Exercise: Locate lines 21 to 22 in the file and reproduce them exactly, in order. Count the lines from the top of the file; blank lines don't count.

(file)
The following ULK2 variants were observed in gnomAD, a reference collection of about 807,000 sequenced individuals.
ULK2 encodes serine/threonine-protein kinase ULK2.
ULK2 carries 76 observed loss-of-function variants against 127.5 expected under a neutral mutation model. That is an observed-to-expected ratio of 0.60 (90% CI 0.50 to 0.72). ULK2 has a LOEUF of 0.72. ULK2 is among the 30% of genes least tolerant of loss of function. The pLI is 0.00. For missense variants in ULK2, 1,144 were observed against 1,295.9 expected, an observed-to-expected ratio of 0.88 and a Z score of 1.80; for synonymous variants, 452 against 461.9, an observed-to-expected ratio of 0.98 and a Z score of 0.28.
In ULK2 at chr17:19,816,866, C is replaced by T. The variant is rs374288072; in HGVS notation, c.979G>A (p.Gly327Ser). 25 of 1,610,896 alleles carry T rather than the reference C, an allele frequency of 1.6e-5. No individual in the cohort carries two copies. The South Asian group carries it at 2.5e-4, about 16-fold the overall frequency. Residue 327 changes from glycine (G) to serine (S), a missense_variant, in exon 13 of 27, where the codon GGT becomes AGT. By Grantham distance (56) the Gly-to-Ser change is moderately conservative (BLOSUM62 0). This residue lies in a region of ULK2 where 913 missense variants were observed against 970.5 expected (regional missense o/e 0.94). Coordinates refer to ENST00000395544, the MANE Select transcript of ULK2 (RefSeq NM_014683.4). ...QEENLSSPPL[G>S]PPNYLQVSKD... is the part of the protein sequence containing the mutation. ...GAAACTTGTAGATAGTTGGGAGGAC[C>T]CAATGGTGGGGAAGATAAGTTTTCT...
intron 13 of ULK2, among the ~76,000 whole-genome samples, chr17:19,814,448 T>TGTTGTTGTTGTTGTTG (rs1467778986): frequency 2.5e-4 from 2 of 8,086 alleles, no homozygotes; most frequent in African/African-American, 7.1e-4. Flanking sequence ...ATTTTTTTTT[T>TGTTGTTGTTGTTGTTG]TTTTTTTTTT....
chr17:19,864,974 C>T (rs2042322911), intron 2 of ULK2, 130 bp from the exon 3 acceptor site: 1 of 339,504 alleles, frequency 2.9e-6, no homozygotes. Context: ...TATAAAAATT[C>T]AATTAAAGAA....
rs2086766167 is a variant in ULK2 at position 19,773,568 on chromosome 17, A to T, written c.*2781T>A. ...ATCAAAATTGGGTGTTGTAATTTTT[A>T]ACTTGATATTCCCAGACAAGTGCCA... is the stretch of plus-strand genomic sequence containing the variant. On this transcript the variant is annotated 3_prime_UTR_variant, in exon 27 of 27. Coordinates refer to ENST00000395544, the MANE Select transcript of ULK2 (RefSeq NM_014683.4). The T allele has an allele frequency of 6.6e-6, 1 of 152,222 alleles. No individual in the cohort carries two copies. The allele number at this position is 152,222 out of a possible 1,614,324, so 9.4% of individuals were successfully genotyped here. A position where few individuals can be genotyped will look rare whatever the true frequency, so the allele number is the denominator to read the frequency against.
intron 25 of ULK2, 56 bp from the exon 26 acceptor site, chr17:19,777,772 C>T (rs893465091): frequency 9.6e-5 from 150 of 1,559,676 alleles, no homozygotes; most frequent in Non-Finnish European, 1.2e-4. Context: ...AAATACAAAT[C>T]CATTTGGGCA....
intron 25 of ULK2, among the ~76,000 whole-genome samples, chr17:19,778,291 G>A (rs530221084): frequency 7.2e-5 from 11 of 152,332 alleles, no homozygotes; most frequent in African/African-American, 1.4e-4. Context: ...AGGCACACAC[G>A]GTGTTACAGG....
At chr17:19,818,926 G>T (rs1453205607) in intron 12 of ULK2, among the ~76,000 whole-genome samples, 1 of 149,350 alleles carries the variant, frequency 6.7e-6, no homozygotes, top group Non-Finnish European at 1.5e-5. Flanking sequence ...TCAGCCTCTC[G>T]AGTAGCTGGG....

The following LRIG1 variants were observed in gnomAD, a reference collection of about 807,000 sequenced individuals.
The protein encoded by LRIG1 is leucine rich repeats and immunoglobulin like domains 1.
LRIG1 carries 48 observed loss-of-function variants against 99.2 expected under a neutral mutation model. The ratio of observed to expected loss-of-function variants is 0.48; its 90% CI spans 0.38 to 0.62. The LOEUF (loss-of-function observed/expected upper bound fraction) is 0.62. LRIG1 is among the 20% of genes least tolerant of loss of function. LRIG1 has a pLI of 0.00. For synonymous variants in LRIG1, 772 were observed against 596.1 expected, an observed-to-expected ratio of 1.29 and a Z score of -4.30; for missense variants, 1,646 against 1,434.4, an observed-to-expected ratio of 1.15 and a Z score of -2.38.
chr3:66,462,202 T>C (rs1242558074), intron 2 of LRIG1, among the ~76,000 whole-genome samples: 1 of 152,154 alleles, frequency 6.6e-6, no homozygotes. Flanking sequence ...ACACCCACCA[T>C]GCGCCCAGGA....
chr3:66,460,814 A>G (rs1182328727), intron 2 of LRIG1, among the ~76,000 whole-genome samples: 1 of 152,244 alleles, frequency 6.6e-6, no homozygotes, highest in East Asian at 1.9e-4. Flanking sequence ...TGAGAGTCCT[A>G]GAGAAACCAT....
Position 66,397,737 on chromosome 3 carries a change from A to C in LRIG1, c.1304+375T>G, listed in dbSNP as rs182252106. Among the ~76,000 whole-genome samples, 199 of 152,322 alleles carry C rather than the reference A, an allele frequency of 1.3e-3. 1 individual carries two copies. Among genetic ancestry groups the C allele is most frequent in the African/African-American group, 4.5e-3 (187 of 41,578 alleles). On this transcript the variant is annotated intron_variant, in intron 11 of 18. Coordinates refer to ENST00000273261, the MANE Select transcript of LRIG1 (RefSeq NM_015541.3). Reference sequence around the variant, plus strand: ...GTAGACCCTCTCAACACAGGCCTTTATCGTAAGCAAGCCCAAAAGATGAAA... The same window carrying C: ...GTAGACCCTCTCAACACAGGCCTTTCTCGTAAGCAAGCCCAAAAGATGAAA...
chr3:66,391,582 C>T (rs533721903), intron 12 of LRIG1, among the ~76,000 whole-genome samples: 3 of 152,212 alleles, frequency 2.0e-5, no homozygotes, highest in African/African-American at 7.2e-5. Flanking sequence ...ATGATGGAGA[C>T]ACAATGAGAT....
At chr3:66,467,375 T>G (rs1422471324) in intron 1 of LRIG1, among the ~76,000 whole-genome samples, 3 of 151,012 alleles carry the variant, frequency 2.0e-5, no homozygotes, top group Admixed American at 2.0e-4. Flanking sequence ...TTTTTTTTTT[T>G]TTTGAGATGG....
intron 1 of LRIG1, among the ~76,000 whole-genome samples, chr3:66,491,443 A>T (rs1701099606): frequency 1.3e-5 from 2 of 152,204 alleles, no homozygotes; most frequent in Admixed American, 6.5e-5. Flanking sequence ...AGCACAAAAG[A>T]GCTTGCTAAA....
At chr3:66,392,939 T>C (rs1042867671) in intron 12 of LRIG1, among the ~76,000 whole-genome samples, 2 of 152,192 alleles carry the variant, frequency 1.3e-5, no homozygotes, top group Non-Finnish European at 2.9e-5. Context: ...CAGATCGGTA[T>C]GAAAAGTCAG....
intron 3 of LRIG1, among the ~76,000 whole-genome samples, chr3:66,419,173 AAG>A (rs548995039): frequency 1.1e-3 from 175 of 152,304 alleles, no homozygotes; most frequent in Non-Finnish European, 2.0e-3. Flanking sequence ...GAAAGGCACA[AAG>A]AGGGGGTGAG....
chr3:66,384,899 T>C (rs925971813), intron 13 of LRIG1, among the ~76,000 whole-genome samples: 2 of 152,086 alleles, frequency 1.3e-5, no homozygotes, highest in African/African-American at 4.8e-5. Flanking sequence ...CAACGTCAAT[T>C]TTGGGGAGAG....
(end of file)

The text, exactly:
intron 3 of LRIG1, among the ~76,000 whole-genome samples, chr3:66,419,173 AAG>A (rs548995039): frequency 1.1e-3 from 175 of 152,304 alleles, no homozygotes; most frequent in Non-Finnish European, 2.0e-3. Flanking sequence ...GAAAGGCACA[AAG>A]AGGGGGTGAG....
chr3:66,384,899 T>C (rs925971813), intron 13 of LRIG1, among the ~76,000 whole-genome samples: 2 of 152,086 alleles, frequency 1.3e-5, no homozygotes, highest in African/African-American at 4.8e-5. Flanking sequence ...CAACGTCAAT[T>C]TTGGGGAGAG....